Are you doing your part to look after the planet? Are you stopping to think how your daily habits are affecting the natural world?
I invite you to look at your routine activities and ask yourself if there’s a better way - a way that will leave less of a negative footprint on Earth. To that end, here are some suggestions, most of which are from the book “1,001 Ways to Save the Earth,” by Joanna Yarrow.
* Our habits and daily activities (breathing to driving to eating) generate carbon. Check your carbon footprint at www3.epa.gov/carbon-footrpint-calculator. I was happy to see that for my household (two people), the number was quite a bit less than the U.S. national average of 53 tons. Then I saw the world average for two people — 11 tons — and didn't feel quite as smug.
* Are you a wine drinker? Grocery stores have convenient cardboard carrying totes that accommodate six regular-sized bottles of wine or three large bottles. Instead of throwing out those cartons, stash them in your trunk for the next shopping trip. They can be used multiple times before recycling.
* Change out your paraffin-wax candles for beeswax and soy candles. Not only are they toxin-free, but they last much longer and are therefore worth the extra purchase price.
* Use natural substances to make cleaning products. Baking soda, vinegar, lemon juice are all inexpensive and effective for a variety of uses - all-purpose cleaner, scouring powder, and more. Check the internet for recipes.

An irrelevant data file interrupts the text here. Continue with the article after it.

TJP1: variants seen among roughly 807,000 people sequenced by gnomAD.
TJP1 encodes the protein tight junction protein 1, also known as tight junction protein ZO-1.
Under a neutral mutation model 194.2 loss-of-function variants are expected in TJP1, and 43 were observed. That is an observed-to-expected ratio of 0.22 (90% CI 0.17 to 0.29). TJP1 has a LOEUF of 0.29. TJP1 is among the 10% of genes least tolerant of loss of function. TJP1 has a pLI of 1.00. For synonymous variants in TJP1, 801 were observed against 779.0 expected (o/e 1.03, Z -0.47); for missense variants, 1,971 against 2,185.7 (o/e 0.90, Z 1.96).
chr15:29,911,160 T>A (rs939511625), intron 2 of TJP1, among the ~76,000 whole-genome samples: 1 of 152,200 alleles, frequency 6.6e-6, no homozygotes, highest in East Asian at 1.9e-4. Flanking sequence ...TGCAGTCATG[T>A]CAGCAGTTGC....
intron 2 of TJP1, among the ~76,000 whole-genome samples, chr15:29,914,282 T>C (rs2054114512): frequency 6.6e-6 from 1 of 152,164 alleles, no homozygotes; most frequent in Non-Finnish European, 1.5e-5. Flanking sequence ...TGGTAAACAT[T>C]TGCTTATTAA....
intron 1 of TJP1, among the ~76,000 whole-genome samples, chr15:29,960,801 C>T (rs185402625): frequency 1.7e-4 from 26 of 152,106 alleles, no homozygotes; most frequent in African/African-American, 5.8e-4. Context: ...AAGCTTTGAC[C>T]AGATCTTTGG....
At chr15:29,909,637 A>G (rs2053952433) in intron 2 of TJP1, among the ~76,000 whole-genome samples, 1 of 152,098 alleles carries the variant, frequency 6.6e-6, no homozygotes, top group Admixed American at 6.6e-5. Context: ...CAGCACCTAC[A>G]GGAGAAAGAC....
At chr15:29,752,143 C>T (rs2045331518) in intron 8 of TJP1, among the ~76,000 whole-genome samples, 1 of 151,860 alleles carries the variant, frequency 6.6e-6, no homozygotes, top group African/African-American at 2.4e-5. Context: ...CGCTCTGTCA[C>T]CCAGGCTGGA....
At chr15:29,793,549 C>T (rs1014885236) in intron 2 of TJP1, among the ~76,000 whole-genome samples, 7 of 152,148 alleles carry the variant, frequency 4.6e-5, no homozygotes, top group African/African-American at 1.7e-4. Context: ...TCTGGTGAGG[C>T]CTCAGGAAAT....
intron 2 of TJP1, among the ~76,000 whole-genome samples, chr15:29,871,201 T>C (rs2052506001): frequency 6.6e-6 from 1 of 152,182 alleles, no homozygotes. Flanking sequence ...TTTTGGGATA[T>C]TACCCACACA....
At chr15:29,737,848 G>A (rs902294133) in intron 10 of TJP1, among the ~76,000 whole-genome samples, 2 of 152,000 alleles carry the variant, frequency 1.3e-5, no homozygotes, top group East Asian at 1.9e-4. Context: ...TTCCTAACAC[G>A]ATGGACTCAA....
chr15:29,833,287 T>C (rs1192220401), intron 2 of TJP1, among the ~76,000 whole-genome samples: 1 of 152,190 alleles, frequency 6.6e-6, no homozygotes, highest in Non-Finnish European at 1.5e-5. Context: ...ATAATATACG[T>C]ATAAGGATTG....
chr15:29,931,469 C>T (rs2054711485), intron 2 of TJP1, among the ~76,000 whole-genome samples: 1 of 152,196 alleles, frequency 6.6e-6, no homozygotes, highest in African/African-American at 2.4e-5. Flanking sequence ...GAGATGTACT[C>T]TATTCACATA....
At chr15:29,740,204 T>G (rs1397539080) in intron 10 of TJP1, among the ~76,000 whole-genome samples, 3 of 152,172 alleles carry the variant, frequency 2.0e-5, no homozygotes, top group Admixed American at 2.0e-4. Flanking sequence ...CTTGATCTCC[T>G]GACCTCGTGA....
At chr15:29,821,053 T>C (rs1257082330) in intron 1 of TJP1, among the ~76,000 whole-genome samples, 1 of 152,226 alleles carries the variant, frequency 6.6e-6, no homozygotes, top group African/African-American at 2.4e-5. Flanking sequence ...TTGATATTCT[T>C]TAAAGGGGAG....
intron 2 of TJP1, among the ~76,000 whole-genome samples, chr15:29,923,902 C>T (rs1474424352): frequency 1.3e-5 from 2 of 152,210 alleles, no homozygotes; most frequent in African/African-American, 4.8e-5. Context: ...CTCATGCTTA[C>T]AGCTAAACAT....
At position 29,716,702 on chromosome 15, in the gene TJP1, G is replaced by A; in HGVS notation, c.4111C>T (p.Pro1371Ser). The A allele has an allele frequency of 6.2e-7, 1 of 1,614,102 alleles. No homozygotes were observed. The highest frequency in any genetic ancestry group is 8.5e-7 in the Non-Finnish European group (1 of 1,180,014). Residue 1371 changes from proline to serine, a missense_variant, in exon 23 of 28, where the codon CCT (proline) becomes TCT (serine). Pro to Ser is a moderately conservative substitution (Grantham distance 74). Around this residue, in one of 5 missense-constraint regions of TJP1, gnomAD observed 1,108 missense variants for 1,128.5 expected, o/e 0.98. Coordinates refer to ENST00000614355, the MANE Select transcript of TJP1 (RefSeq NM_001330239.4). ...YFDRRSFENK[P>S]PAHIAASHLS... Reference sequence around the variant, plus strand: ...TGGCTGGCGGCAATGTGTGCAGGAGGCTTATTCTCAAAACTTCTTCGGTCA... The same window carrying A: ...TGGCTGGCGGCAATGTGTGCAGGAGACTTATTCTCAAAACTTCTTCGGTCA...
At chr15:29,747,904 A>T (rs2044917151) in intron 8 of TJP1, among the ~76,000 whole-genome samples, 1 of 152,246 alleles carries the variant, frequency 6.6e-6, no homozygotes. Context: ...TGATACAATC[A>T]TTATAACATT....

* Steer clear of chemical-containing air fresheners and make use of naturally satisfying aromas, such as potpourri, flowers from your garden, or freshly-baked bread.
* Have your heating system serviced regularly to ensure that it’s working as efficiently as possible.
* Consider installing attic insulation if you don't have it to minimize heating bills and cut your home’s emissions. Use a recycled or environmentally-benign insulating material.
* When buying toys for children, avoid items made from PVC, which can leach noxious chemicals when damaged and emit carcinogenic toxins if burned.
* Why don’t we use fountain pens any longer? Throwaway pens are convenient, sure, but how many have we tossed in the trash? Invest in a fountain pen (which can be refilled) and not only will you be reducing waste, but your writing ventures will be a more pleasant experience.
* Simplify your life by reducing the number of things you own.
* Include your children when figuring out your household's carbon footprint and talk to them about how the family can reduce its environmental impact. It's much easier to develop good Earth stewardship habits when one grows up in a family that values conservation.
“If many little people in many little places do many little deeds, they can change the face of the Earth.” (African proverb)
Resources: “1,001 Ways to Save the Earth,” 3.epa.gov/carbon-footrpint-calculator.